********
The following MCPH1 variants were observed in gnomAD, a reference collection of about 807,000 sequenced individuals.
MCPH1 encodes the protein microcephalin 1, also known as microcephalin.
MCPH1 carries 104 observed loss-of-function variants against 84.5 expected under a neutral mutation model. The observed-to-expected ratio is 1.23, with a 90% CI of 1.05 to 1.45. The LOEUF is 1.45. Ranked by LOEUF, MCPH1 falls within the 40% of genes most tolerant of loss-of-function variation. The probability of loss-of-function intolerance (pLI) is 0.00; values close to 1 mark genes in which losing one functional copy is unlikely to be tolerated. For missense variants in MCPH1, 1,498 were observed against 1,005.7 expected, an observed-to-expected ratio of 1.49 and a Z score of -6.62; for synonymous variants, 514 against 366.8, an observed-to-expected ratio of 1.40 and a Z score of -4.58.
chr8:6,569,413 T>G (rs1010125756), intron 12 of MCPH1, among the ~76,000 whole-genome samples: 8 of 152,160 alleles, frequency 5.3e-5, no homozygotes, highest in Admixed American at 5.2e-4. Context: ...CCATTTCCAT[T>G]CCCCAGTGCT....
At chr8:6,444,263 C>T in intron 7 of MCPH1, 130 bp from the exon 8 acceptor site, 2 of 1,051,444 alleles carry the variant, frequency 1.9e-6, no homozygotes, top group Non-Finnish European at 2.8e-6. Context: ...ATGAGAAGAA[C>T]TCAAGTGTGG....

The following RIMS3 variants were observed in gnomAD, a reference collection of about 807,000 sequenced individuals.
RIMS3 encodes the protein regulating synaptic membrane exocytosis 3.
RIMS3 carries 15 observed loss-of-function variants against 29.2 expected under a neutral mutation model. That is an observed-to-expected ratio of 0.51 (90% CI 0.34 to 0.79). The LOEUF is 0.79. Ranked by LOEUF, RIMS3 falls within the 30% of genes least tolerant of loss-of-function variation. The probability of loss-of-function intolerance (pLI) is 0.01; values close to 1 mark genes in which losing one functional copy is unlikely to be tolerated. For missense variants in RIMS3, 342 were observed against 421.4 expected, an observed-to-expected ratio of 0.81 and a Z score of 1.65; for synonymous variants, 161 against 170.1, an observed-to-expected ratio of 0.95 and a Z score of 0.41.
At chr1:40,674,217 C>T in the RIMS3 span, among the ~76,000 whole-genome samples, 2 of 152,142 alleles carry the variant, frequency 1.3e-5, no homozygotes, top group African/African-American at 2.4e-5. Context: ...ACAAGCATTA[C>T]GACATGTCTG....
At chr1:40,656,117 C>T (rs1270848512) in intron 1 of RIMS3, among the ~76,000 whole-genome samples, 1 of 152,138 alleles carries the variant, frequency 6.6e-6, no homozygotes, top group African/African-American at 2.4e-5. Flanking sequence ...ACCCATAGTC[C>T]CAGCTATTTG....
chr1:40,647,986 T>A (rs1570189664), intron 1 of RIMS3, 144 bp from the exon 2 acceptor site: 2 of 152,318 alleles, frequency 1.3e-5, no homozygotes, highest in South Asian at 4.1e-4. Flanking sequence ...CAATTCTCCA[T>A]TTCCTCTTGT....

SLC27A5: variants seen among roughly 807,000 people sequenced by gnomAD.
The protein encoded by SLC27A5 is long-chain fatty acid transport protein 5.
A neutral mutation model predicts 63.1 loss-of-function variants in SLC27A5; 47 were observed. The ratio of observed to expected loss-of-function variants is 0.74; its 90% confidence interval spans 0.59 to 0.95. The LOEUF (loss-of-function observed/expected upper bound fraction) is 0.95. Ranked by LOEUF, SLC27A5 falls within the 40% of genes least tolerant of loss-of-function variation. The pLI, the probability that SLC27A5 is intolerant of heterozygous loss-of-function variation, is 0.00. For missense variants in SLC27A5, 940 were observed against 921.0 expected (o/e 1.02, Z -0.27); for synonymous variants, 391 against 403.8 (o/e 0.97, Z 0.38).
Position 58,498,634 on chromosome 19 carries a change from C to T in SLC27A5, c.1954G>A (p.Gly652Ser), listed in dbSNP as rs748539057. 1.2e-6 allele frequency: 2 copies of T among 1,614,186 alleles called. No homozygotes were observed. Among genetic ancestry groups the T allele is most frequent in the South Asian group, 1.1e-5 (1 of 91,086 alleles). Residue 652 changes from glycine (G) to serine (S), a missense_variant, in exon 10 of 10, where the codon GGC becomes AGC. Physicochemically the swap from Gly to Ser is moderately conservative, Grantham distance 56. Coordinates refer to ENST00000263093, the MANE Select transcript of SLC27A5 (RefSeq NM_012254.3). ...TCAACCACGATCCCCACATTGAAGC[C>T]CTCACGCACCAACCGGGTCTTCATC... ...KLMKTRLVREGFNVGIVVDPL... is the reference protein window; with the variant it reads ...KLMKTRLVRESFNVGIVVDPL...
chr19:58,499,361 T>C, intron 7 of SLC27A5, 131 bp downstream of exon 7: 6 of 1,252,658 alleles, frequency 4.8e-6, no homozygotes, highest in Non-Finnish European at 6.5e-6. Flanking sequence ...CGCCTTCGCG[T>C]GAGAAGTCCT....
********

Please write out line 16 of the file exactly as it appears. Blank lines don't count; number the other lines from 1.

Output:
chr19:58,499,361 T>C, intron 7 of SLC27A5, 131 bp downstream of exon 7: 6 of 1,252,658 alleles, frequency 4.8e-6, no homozygotes, highest in Non-Finnish European at 6.5e-6. Flanking sequence ...CGCCTTCGCG[T>C]GAGAAGTCCT....